Some angles made me feel big. The camera is super unapologetic. Finding the right angles is important because the camera can easily make you look 10 pounds lighter, or 30 pounds heavier than you actually even are. If you're not getting direction, make sure you angle your hips and shoulders just slightly away from the camera and put your weight on your back leg.
In an effort to offset my dislike of most of the initial images we took, Steve started shooting faster with little to no direction, hoping to capture something good. This is not the way to go and left me feeling overwhelmed. When he did eventually slow down to really think of his composition, that helped with my own feelings of unease. Make sure you find a photographer that focuses on composition.
Be aware of your chin. Unless someone is a size XXS, everyone should be aware of how they're holding their chin. I always tuck my chin back and yea, that's unflattering, yay for me. Stick your chin out and stay aware of it during your session. I don't typically pose in a way that you have to pay attention to that, but others might.
Carrying a little extra weight on your arms is no big deal. The easiest way to combat this is to stick your hands in your pockets, hold your dress, or otherwise stay conscious of holding your arms just slightly away from your body. The best way to do it is to place your hands on your thighs, slide them up, then tuck your elbows back.
Fake it till you make it. What I mean by this is that confidence can only be captured if it's shown. By the end of our shoot, I had gotten comfortable being photographed, Steve was better at giving direction and finding angles, and as a result, I was portraying major confidence and the images were way better. If you're not feeling it, fake it anyway.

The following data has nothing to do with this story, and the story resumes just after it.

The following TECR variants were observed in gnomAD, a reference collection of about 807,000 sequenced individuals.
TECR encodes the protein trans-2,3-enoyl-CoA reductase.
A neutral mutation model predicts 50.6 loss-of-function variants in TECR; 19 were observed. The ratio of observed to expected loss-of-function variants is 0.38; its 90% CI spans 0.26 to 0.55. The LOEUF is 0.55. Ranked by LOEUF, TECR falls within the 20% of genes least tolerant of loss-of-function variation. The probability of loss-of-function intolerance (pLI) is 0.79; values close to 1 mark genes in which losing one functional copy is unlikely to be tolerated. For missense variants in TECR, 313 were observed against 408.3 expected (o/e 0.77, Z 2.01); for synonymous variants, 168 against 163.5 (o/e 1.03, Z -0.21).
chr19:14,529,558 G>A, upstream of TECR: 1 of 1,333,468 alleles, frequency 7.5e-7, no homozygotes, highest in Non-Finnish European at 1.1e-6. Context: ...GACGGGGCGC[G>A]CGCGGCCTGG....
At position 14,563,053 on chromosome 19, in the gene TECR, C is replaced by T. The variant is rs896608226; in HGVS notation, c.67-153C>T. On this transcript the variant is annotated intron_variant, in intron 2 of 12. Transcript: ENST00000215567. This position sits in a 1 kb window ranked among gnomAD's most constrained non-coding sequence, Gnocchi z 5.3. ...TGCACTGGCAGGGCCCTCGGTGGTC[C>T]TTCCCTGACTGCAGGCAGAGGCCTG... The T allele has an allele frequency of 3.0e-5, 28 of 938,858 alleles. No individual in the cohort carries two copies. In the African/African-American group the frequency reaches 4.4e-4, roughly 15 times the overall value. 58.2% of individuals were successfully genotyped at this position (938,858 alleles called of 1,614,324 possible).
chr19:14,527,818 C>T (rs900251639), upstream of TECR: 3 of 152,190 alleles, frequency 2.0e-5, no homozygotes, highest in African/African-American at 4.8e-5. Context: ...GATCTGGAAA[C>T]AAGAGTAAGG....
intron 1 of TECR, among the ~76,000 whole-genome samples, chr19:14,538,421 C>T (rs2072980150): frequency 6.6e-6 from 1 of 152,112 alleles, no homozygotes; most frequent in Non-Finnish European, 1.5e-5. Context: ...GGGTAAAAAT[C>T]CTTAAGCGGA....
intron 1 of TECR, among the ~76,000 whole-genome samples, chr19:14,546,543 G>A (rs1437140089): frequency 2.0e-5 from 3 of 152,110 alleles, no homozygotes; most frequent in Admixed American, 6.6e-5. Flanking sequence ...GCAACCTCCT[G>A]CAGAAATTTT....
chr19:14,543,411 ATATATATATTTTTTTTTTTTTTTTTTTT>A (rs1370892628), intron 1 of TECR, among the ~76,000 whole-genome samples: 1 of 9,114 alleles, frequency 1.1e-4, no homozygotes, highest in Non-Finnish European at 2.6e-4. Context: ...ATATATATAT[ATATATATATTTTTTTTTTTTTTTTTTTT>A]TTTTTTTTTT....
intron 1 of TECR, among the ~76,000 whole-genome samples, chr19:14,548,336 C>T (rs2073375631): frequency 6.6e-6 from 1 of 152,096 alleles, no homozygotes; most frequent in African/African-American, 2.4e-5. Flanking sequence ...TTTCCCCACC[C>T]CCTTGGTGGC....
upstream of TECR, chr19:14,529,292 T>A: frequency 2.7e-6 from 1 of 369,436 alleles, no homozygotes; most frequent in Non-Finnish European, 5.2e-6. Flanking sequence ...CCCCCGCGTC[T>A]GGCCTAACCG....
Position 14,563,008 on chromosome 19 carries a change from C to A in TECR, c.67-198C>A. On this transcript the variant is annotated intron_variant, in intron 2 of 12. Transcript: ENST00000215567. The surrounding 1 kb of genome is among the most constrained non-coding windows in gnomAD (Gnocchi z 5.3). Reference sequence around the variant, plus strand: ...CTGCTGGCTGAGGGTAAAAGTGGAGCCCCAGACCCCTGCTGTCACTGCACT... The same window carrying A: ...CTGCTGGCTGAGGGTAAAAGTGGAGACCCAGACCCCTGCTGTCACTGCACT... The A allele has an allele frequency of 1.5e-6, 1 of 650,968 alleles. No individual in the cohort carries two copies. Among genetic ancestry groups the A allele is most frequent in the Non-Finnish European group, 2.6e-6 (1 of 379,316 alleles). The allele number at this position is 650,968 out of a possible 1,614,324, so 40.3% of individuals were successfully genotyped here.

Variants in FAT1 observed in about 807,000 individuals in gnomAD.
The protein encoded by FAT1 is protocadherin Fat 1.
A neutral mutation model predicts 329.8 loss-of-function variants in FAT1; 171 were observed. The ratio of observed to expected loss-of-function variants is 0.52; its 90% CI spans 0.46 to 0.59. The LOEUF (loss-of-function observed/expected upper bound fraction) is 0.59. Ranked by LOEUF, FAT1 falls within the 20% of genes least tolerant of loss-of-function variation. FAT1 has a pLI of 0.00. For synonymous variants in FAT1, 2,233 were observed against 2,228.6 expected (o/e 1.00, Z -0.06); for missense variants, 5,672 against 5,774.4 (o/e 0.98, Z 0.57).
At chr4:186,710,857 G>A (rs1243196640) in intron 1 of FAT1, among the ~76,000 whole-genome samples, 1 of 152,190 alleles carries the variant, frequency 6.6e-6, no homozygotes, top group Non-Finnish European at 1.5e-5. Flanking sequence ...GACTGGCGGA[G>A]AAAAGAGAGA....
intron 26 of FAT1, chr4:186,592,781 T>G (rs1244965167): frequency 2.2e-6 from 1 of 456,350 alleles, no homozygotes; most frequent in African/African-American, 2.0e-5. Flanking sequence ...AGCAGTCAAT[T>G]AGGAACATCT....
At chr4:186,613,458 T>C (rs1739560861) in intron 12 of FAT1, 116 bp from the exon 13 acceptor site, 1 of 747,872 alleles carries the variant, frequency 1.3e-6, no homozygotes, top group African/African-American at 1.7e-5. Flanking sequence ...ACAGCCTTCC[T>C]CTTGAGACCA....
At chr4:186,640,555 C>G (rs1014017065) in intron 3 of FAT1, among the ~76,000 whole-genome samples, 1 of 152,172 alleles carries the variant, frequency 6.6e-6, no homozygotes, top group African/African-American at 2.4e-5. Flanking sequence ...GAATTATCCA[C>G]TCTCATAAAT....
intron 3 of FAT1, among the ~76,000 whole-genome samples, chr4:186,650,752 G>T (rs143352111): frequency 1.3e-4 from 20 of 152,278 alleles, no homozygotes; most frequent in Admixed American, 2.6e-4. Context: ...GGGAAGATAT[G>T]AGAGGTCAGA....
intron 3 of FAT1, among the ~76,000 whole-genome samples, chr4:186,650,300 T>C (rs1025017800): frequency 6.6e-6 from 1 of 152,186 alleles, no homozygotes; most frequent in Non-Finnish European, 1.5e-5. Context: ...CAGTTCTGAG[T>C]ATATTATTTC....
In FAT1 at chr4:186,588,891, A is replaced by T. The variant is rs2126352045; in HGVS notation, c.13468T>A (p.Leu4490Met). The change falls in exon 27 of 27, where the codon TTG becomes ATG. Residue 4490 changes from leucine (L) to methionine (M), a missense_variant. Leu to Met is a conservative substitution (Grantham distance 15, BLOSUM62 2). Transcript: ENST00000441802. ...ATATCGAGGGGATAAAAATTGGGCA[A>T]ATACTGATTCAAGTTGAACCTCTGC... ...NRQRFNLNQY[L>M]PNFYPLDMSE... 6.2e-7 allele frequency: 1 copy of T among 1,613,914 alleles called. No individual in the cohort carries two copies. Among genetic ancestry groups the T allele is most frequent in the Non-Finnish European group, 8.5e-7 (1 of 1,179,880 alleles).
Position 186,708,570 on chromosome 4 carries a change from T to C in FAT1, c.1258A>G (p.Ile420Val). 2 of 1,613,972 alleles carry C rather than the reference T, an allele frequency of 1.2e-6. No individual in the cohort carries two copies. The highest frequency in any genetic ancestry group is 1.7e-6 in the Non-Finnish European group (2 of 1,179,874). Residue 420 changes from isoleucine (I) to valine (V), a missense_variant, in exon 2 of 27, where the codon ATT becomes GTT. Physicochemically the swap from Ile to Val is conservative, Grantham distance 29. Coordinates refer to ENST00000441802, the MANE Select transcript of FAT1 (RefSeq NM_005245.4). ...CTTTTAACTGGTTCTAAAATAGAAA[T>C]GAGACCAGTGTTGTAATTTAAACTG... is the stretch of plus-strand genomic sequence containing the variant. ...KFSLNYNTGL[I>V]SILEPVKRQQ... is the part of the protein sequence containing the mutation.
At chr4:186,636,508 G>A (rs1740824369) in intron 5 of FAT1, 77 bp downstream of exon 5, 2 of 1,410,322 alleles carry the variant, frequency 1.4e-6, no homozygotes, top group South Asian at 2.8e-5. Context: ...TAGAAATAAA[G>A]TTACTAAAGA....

- Fix your inner dialog. Could you imagine what you would do to someone telling your friend that they're ugly or fat?! And yet, we do that to ourselves! Fix your inner dialog and tell yourself you're beautiful, you're looking awesome, you are rocking your shoot, and you are the definition of confidence. It will show.
The most important thing I learned
These were awesome take aways for me as a photographer and as a future subject.
However, the single most important thing I took away from this, is that if done right, a session can leave someone feeling ten times more beautiful and loving towards themselves. THIS is my goal going forward and what I will keep in the forefront of my mind as I shoot a session.
Because when a session is done right and my client leaves feeling loved, beautiful, and confident, I've done the best thing I could do as a photographer.
I'm Tahiry (Tahiti - Like the island) and I specialize in outdoor weddings for my off-beat couples. The ones that aren't afraid to dance in the rain or walk to the beat of their own drum (while getting some good shots of it, too). Sound like you? Let's connect ❤️